May 02, 2012 Shifa Ahmed rated it it was amazing
Into the Forest. By Anthony Browne

This book is a beautifully illustrated retelling of Little Red Riding Hood, and along the way the reader uncovers characters and objects from other folk and fairy tales.
The story is about a young boy who wakes up one morning to find his father gone. The boy’s mother did not know when his father would be back. His mother asks him to take a cake to his grandmother, but warns him not to take the shortcut through the forest. Obviously, he takes the shortcut, meets m
Feb 16, 2012 Linda rated it liked it
Shelves: picture-books
Anthony Browne's illustrations are fabulous as ever, but I think he was 'smoking' something when he wandered into the woods.

I see that he had fun with the various fairy tales making their entrance, but their purpose was a tad obscure. I'm interested in his thoughts on the boy being the only piece of colour (& the red coat) in the woods. Perhaps these were the only things that were real in the woods - everything else was imagination and nightmare. Dunno. Too odd. Still love those illustration
Jun 17, 2012 Fjóla rated it liked it
This is a tricky one. I'm really ambivalent about it, and I think I'd like to come back to it in a couple of years, when we are a little older. I generally like Anthony Browne's books, because there's always something interesting going on in them, and the illustrations are stunning, but at the same time his books can be eerie, and this one most certainly is ...
Emmeline Guest
Oct 09, 2009 Emmeline Guest rated it really liked it
Shelves: picture-books
A beautifully illustrated book that would make a good addition to a philosophical collection for children (if you happen to have one ...). A lovely retelling of Little Red Riding Hood, reminiscent of Where the Wild Things Are in the sense that it takes one little boy on a n unforgettable journey through a mystical forest, while exploring childhood fears ,anxieties, and imagination .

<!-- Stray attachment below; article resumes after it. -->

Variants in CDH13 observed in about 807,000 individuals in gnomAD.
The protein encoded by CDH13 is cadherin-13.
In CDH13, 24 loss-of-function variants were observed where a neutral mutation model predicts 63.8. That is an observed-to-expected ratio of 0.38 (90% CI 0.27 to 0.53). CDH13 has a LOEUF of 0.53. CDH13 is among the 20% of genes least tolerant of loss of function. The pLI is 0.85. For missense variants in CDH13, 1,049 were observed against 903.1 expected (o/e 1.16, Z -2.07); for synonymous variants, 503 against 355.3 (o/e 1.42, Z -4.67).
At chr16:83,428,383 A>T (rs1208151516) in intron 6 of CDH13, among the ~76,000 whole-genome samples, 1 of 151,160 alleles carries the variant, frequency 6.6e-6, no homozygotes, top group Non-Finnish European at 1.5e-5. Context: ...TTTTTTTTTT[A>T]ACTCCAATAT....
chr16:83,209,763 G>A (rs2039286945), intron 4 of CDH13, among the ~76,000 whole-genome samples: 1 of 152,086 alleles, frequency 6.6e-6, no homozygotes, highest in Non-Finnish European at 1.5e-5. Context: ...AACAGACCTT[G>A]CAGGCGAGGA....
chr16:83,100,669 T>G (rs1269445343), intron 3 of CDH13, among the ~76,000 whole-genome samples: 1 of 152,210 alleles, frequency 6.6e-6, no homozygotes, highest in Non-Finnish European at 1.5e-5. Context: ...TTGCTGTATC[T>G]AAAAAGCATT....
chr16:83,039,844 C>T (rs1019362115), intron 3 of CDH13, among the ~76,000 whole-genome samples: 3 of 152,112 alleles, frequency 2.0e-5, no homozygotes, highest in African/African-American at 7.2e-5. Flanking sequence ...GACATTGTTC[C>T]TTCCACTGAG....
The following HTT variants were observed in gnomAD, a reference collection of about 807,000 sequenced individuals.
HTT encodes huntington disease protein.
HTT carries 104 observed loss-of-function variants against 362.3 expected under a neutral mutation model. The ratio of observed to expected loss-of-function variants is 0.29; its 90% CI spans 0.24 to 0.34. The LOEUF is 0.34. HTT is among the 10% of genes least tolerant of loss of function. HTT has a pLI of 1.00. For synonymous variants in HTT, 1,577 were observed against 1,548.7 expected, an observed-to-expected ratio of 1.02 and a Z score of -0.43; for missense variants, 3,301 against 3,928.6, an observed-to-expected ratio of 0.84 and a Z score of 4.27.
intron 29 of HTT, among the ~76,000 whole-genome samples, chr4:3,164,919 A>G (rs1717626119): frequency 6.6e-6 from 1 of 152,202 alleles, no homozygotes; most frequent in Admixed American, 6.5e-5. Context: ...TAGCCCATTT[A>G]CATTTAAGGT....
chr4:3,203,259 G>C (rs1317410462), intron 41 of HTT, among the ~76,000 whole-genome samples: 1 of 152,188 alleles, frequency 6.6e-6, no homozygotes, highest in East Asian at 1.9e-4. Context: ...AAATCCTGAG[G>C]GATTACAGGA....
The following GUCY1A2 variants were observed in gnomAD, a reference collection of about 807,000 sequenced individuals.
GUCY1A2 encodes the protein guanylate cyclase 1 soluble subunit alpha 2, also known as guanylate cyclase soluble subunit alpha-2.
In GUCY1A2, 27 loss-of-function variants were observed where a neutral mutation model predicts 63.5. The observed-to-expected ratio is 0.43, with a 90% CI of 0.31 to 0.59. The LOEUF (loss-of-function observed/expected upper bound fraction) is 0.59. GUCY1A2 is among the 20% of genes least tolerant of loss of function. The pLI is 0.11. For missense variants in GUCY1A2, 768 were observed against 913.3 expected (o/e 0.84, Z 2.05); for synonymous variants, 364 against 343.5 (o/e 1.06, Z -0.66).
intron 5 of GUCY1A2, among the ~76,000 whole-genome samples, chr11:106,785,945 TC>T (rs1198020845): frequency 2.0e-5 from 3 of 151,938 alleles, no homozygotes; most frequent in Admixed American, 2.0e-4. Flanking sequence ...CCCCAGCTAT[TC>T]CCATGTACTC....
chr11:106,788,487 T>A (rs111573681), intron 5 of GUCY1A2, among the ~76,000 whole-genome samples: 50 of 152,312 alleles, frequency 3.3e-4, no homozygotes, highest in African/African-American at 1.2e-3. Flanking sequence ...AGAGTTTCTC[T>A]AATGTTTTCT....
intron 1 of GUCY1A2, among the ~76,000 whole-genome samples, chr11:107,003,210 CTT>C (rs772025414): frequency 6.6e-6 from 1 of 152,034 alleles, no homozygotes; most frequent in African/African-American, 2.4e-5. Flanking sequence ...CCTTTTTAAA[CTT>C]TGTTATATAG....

Jan 10, 2014 Aszerina rated it did not like it
This is quite a gloomy, scary book. It takes a different spin on little red riding hood and has quite a different twist in the ending. I am not sure that I would use this during my teaching but may have it in the book corner, if I was in year 5 or 6. I did not really enjoy this book, but some children may enjoy it, however.
Nov 29, 2015 Sara rated it really liked it

A book with lovely illustrations and an engaging story. Browne intertwines old faovurite fairytales with his own tale. Suspensful.
Ely (Tea & Titles)
Another picture book for class. This was okay, but nothing overly special.
Shows what it's like to be anxious and a child. Brilliant.
Lee Peckover
May 08, 2017 Lee Peckover rated it liked it
Read this with my year 1 class. Reviews from the class were mixed. A lot of the children didn't like the story and after discussion a few of them decided they had read a lot of better books already this year.

Some children were positive, discussing some of the nice pictures and the happy ending, but for the most part this was deemed average.

For my own part, I did not think this was a great book for use in school. Very average.
Album assez pratique pour travailler les stratégies de compréhension en lecture de l'enseignement réciproque.
De plus, les illustrations contiennent de nombreuses références à différents contes, ce qui rend l'analyse des images d'autant plus intéressante pour les élèves.
Feb 09, 2017 Marta rated it really liked it  ·  review of another edition
Shelves: livros-infantis
Uma ilustração MAGISTRAL!
Os meus filhos até acharam que se tratava de fotografia!
It sure what to think of this book. This symbolism excepted me and my kids.
Sep 16, 2016 Rebecca rated it liked it
The title of this book, Into the Forest, is posted on a gray sign, which is nailed to the trunk of a gray tree, along a white path that leads into a gray forest. Anthony Browne's own name is camouflaged in the gray of leaves at the bottom of the cover. Walking prominently, in full color, at the center of the cover is our main character, a nameless little boy. Browne invites us to walk with this boy through a family dilemma in this tale. And, typical of Browne's style, we have to navigate our way ...more
Jul 05, 2011 Ubalstecha rated it did not like it
Shelves: 2011-reads
Our main character, a young boy, wakes to find his father gone, and his mother unsure of when he will return. The boy is then given a basket full of treats and sent to his grandmother's with a firm warning to take the long way. He takes the short way in order to get the errand done quickly in case his dad comes back Along the way, the young boy encounters Jack, Goldilocks and Hansel and Gretel. He then finds a red coat and puts it on, which makes him feel like he is being followed. He arrives at ...more